The sweep of northern Afghanistan by US-backed rebel forces has far outpaced diplomatic plans for a broad-based Kabul government, raising the possibility of anarchy and a prolonged guerrilla war against remnants of Taliban troops.
The Pentagon, while citing "definite progress" in the Afghanistan campaign, nonetheless has avoided declaring outright victory - an acknowledgment that much work remains to achieve the goal of destroying the Al Qaeda terrorist group led by Osama bin Laden.
At press time, it remained unclear whether the Taliban's wholesale retreat from the north marked the start of the regime's unraveling, or is a Taliban strategic move aimed at concentrating its weakened forces in its southern stronghold.
Key to the Taliban's survival in the south would be the support of the dominant ethnic group, the Pashtun, who represent 40 percent of Afghanistan's population and backed the Taliban's rise to power in 1996. The Taliban are predominantly Pashtun.
Yet the influential Pashtun, which has a large population in Pakistan, is also the most likely to be threatened by the Northern Alliance decision to seize the prized capital of Kabul, ignoring Washington's warnings against such a move. The Northern Alliance is composed mainly of Tajik, Hazara, and Uzbek ethnic minorities.
The Northern Alliance victories could push the Pashtun to rally behind the Taliban - or at least not abandon them - until they are assured strong political representation in Kabul. "[The Pashtun] will not go against the Taliban until there is a credible alternative," says former Afghan colonel Ali Jalali.
The United States, Britain, Pakistan, and other allies in the Afghanistan campaign pressed ahead with UN-sponsored plans to form an ethnically broad-based coalition government in the country, with calls for an international peacekeeping force to enter Kabul to maintain stability.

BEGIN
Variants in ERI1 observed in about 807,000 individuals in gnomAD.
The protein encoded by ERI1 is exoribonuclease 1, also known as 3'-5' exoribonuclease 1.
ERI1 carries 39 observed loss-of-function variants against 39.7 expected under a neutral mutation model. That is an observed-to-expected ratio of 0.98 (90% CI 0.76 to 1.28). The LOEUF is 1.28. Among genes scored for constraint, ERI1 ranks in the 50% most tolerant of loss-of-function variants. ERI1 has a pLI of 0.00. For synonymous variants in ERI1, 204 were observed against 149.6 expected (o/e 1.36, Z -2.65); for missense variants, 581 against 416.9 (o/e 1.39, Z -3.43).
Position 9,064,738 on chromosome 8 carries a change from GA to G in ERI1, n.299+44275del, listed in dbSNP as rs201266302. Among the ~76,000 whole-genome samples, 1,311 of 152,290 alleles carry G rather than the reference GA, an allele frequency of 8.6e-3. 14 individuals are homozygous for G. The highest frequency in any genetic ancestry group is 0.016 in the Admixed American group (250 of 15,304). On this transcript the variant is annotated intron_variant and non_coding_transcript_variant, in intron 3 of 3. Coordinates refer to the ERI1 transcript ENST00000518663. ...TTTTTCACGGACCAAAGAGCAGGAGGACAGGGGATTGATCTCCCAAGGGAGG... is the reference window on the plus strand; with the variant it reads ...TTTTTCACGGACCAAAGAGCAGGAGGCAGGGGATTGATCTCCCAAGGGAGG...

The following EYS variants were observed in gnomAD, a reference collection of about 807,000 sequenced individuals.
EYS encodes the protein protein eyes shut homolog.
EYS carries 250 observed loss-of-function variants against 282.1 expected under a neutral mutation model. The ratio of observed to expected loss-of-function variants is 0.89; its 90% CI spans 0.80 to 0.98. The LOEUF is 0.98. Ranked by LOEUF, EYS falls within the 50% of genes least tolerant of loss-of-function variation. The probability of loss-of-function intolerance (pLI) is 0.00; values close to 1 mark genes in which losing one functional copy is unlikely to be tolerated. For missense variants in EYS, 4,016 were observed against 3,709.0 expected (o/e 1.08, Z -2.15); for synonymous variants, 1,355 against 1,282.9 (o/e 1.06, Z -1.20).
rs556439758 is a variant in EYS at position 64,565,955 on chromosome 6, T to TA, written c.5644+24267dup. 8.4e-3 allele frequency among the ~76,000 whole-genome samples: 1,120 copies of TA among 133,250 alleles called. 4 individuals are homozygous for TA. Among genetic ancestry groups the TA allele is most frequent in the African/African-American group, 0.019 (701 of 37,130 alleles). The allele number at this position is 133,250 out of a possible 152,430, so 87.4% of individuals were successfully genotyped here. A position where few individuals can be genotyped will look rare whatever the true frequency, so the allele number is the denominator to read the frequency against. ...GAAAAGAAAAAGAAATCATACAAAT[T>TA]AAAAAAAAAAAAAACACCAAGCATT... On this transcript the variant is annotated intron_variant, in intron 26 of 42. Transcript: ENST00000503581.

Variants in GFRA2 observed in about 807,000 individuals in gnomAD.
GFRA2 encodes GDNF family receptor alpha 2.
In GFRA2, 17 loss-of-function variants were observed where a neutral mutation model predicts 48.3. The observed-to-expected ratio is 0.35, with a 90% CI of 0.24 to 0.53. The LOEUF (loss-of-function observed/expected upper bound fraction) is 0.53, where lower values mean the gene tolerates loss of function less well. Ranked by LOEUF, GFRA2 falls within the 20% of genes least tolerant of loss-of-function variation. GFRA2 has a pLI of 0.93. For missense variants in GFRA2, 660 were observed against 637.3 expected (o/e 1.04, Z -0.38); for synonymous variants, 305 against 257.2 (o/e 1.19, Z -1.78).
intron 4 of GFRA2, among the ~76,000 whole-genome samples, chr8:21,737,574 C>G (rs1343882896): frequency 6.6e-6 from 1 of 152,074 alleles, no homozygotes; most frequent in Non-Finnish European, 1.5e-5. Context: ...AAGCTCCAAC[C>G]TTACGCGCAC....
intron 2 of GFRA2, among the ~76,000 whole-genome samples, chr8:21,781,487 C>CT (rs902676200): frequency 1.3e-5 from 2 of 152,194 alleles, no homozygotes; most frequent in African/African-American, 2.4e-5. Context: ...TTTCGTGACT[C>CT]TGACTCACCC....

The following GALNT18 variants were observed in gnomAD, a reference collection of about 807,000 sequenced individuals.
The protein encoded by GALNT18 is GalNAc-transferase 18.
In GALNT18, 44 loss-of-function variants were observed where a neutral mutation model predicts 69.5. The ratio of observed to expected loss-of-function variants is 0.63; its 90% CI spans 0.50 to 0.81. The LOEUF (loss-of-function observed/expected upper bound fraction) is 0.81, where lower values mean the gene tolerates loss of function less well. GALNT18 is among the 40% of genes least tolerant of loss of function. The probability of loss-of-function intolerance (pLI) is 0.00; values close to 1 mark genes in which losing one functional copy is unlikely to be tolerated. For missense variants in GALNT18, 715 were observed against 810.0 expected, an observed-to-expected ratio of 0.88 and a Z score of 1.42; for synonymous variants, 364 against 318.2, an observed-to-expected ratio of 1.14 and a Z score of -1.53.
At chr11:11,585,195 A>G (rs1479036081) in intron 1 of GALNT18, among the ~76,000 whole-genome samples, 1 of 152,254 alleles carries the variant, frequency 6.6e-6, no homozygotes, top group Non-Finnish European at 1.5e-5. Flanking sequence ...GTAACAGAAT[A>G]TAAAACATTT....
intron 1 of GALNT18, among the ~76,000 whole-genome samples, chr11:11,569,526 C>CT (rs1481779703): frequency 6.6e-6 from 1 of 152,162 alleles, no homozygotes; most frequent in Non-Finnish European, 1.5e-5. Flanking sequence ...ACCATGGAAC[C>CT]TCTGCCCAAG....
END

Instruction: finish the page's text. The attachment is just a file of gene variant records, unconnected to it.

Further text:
Indeed, experts say the full leverage of the international community, combined with a robust peacekeeping force, is essential to bring a modicum of political stability to Afghanistan, a nation ravaged by decades of foreign occupation and religious and ethnic conflicts.
"It's a multiethnic society, and they all want to live within those borders, but they are remarkably zero-sum-game in the way they conduct their politics," says Charles Dunbar, a foreign-policy expert at Simmons College in Boston and former US diplomat in Afghanistan. "That is why you need an outside force helping them in a muscular way to sort out their political future."
The Bush administration expressed both pleasure over Northern Alliance gains and concern over its entry into Kabul. Amid scattered reports of executions and revenge killings, Washington urged the opposition to demonstrate "tolerance" and avoid settling old scores. Washington seeks to prevent a repeat of the atrocities that took place under Northern Alliance rule from 1992 to 1996, when tens of thousands of people died during infighting by rival factions on the streets of Kabul.
Experts warn of the risk that - before the slow-moving UN nation-building process can succeed - Afghanistan may revert in the north and south to the fragmentary, pre-Taliban rule of regional strongmen, each controlling a distinct turf. Indeed, one Northern Alliance official in Washington strongly hinted at that possibility.
"Perhaps a decentralized regime in Afghanistan would be the easiest way to solve the problem," the official said. "We should make use of different strong personalities, who can establish strong administrations in different zones."
Such a politically fractured Afghanistan would increase the prospect for internal chaos, allowing the Taliban and terrorist groups to survive more easily, analysts say.
Indeed, the dramatic power shift in Afghanistan in recent days illustrates how the US-led coalition's military push to eliminate the Taliban and Al Qaeda also depends on progress toward the long-range diplomatic goal of a broad-based Kabul regime.
Washington needs to ensure Pashtun leaders a political role to win their help in routing the Taliban and, in turn, prevent a drawn-out guerrilla war.
The Pentagon has for weeks voiced frustration and impatience over the hesitation of Pashtun leaders to rise up against the Taliban. That reluctance has left US military commanders without a proxy force in the south, contributing to this week's lopsided military successes.